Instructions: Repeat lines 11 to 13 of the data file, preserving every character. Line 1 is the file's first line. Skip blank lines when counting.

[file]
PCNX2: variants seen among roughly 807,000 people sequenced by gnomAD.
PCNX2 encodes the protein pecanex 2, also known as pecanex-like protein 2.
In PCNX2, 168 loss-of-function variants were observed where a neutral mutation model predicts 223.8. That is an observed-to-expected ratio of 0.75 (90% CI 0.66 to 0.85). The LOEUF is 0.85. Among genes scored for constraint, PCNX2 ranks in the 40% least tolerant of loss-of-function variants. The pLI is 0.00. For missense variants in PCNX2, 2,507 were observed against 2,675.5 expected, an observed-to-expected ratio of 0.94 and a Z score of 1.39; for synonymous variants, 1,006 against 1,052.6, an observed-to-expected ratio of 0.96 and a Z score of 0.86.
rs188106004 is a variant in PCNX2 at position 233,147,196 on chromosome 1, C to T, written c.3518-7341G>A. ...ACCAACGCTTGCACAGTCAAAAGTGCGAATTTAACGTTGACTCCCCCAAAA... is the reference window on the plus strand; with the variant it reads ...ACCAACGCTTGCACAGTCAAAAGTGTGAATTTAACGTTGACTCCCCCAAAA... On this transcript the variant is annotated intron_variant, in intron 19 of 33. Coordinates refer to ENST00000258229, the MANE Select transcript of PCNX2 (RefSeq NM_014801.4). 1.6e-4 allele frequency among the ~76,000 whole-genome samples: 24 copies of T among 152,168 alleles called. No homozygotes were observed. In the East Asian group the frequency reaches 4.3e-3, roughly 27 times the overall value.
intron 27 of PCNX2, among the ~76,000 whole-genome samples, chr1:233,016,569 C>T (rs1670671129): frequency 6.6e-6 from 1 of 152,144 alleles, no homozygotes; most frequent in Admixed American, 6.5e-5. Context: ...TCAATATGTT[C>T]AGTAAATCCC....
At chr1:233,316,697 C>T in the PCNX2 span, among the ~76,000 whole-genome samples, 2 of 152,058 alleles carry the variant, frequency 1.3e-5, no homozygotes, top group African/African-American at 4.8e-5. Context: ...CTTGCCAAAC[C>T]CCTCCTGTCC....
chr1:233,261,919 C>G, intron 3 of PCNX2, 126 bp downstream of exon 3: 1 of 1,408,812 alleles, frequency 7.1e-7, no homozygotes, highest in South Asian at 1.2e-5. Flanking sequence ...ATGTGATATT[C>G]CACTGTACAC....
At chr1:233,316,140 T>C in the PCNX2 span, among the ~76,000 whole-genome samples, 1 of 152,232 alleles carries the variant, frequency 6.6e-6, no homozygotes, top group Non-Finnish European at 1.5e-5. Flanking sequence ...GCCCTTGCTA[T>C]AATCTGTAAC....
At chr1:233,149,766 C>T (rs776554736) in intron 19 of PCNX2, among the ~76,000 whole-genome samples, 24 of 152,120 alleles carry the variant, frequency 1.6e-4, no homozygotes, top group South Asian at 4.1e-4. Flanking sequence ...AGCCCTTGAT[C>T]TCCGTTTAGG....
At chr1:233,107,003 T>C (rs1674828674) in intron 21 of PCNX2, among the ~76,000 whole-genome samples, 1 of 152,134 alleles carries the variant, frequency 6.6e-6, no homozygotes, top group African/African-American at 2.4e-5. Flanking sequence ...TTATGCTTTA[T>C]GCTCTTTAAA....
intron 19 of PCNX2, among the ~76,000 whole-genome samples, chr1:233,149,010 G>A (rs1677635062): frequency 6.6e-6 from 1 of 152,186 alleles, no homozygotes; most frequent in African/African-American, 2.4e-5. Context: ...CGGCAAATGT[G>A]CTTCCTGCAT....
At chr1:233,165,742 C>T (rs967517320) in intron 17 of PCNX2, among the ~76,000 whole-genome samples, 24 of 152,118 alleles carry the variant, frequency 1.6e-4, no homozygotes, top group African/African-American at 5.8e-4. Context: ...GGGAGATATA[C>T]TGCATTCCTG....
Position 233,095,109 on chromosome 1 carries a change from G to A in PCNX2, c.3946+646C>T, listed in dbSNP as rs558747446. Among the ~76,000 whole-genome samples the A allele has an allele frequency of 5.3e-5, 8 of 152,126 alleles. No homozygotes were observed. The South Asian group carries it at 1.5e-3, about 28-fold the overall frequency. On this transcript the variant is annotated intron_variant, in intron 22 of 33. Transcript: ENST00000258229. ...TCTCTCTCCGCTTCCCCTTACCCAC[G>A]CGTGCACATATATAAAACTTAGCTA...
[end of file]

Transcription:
intron 19 of PCNX2, among the ~76,000 whole-genome samples, chr1:233,149,010 G>A (rs1677635062): frequency 6.6e-6 from 1 of 152,186 alleles, no homozygotes; most frequent in African/African-American, 2.4e-5. Context: ...CGGCAAATGT[G>A]CTTCCTGCAT....
At chr1:233,165,742 C>T (rs967517320) in intron 17 of PCNX2, among the ~76,000 whole-genome samples, 24 of 152,118 alleles carry the variant, frequency 1.6e-4, no homozygotes, top group African/African-American at 5.8e-4. Context: ...GGGAGATATA[C>T]TGCATTCCTG....
Position 233,095,109 on chromosome 1 carries a change from G to A in PCNX2, c.3946+646C>T, listed in dbSNP as rs558747446. Among the ~76,000 whole-genome samples the A allele has an allele frequency of 5.3e-5, 8 of 152,126 alleles. No homozygotes were observed. The South Asian group carries it at 1.5e-3, about 28-fold the overall frequency. On this transcript the variant is annotated intron_variant, in intron 22 of 33. Transcript: ENST00000258229. ...TCTCTCTCCGCTTCCCCTTACCCAC[G>A]CGTGCACATATATAAAACTTAGCTA...